*Note: This review and score is purely based on the information disclosed by the validator service and the scoring rubric.
Last Updated: Oct 12, 2019
B-Harvest is a validator service based in Korea. The team values a high standard of security, stability, and active community participation. B-Harvest was the first validator to create a passing proposal in the Cosmos network.
- IRISnet (testing)
Team Background (75/100)
- Full-Time/Part-Time (10/10)
- Prior Blockchain Dev/Impact (10/10)
- Systems Experience (5/10)
- Recognizability (5/10)
Current Voting Power (77/100)
- Total Staked: (8/10)
- Unique Self-Bonders: (10/10)
- Commissions: (5/10)
Historical Metrics (90/100)
- Uptime (8/10)
- Proposals (10/10)
- Legal Compliance/Insurance (0)
- Innovations (0)
B-Harvest, based in Korea, was started in February, co-founded by Lee Hyung Yeon and Dongsam Byun. Yeon has 10 years prior experience in investment banking as an algorithmic trader and risk manager. This has given Yeon extensive skills in low latency environments, big data analysis and machine learning applications. The CTO, Byun, has a background in security and blockchain. Byun has worked as a product manager for a prior blockchain project and has contributed to notable technologies such as Ethereum, Web3, solidity, and the Cosmos project.
B-Harvest’s current focus is in the Cosmos and Tendermint based blockchain ecosystem, currently validating the Cosmos, Terra, and Iris networks. In our discussion, it was stated that the team has a concentration on the decentralization of the blockchains they validate. Additionally, the team believes that validators have more responsibility than operating nodes. B-Harvest lives by the motto, “not just operate, but also contribute. (Codebase & Governance). ” The team is proud to have created the first passing proposal on the Cosmos network in addition to the critical bugs found in Tendermint.
B-Harvest currently validates on the Cosmos and Terra network. The team also has a “test” validator setup on the Iris network.
As #14 on the Cosmos network, B-Harvest’s stake holds a 2.27% voting power. 25.64% of the service’s stake comes from a single address, but has a nice distribution of delegators otherwise, with 21 other validators with at least 20k atoms delegated.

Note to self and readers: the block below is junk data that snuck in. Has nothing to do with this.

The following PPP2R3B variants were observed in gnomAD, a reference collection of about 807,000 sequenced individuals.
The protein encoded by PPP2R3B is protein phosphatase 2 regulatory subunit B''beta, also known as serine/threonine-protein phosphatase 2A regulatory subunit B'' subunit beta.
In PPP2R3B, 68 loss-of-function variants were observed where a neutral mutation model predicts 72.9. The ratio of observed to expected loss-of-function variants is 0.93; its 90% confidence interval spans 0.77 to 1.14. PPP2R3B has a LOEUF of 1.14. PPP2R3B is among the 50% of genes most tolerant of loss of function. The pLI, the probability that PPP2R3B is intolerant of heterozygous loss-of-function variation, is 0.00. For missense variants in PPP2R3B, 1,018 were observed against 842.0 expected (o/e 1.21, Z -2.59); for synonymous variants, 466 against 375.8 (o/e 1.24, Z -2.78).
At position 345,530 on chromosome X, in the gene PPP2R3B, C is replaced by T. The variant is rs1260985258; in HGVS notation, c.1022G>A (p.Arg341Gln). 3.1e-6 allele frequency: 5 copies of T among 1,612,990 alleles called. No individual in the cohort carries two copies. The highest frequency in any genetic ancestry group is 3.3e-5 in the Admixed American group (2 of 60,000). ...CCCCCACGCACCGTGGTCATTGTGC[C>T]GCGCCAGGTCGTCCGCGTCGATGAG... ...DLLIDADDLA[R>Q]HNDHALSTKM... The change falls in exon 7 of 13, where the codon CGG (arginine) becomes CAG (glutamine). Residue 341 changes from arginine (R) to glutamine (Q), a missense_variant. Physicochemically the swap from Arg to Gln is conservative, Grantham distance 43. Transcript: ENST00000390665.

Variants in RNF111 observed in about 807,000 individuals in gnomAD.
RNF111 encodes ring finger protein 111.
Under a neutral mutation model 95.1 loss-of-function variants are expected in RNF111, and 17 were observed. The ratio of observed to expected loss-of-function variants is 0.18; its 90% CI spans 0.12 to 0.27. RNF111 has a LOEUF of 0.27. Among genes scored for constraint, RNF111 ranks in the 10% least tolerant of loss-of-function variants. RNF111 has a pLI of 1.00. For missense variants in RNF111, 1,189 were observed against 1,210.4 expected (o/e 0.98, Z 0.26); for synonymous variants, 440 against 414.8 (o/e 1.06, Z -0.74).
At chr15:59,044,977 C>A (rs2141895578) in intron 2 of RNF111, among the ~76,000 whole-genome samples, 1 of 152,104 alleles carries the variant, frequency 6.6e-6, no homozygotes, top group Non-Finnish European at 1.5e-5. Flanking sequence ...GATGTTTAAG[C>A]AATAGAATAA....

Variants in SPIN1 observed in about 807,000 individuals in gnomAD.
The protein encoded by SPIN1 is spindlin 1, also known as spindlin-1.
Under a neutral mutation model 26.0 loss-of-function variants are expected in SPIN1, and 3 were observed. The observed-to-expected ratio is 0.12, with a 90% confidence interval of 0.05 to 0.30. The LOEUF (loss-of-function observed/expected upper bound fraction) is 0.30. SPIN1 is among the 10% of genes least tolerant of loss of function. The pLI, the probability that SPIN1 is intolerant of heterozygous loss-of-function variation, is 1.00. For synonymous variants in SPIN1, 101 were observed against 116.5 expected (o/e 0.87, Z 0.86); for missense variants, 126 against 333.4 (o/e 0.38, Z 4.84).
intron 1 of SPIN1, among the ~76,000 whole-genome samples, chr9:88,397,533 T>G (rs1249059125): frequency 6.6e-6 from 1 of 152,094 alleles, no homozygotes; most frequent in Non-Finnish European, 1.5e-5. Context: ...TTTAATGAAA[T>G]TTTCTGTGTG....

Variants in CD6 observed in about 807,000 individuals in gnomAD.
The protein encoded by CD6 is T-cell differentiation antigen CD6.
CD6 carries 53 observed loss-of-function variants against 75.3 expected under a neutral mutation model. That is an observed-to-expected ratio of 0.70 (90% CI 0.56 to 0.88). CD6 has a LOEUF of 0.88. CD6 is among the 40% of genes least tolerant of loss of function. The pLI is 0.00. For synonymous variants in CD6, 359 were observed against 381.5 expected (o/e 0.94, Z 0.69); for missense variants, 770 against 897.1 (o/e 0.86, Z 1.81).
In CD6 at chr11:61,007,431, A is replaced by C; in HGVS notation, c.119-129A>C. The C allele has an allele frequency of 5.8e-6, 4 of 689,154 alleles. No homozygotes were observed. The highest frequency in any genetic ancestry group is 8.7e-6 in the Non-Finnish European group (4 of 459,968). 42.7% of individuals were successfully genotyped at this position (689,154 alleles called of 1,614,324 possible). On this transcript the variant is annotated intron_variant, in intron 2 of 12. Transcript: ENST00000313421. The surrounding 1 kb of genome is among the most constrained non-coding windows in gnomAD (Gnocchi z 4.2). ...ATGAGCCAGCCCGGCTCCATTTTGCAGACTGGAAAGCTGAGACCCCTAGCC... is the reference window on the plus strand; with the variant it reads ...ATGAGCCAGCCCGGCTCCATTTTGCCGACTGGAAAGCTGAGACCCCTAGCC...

As #18 on the Terra network, B-Harvest’s stake holds a 1.18% voting power. However, 99.998% of their stake comes from a single address.
B-Harvest has a different approach to the service’s commission rate. The team sets the rate to the median commission rate of all validators, updated every month.
B-Harvest has been registered with the Cosmos and Terra network since genesis.
For the Cosmos Network, Hubble’s event history shows 3 incidents of the service missing 50 of 1000 precommits in the month of May. Otherwise, the service has maintained a stellar record. B-Harvest’s governance proposal activity echoes the team’s motto, with votes on all major proposals in the network.
For the Terra Network, Hubble’s event history shows no wrongful activity.
B-Harvest participated in Game of Stakes before the launch of the Cosmos mainnet. In the end, B-Harvest was #2 in accumulated stake and apart of the global “Never Jailed Crew”. This game demonstrated the services ability to run a highly available validation service.
B-Harvest’s actively analyzes and tests the Tendermint/Cosmos-SDK codebase. As a result, the team has uncovered 2 critical bugs about “Validator Withdrawal” and “Accum calculation malfunction”. The team was awarded $6,750 by the Tendermint team for both reports. Additionally, the team’s reputation score on Tendermint HackerOne is #2, followed by Certus.One.
The team’s background in Big Data has lead B-Harvest to build a data driven product in addition to their validation service. B-Harvest provides a “Blockchain Data Service” that provides data that common explorers cannot provide. The team continually indexes blockchain data to provide varying analysis and statistical information for customers and delegators.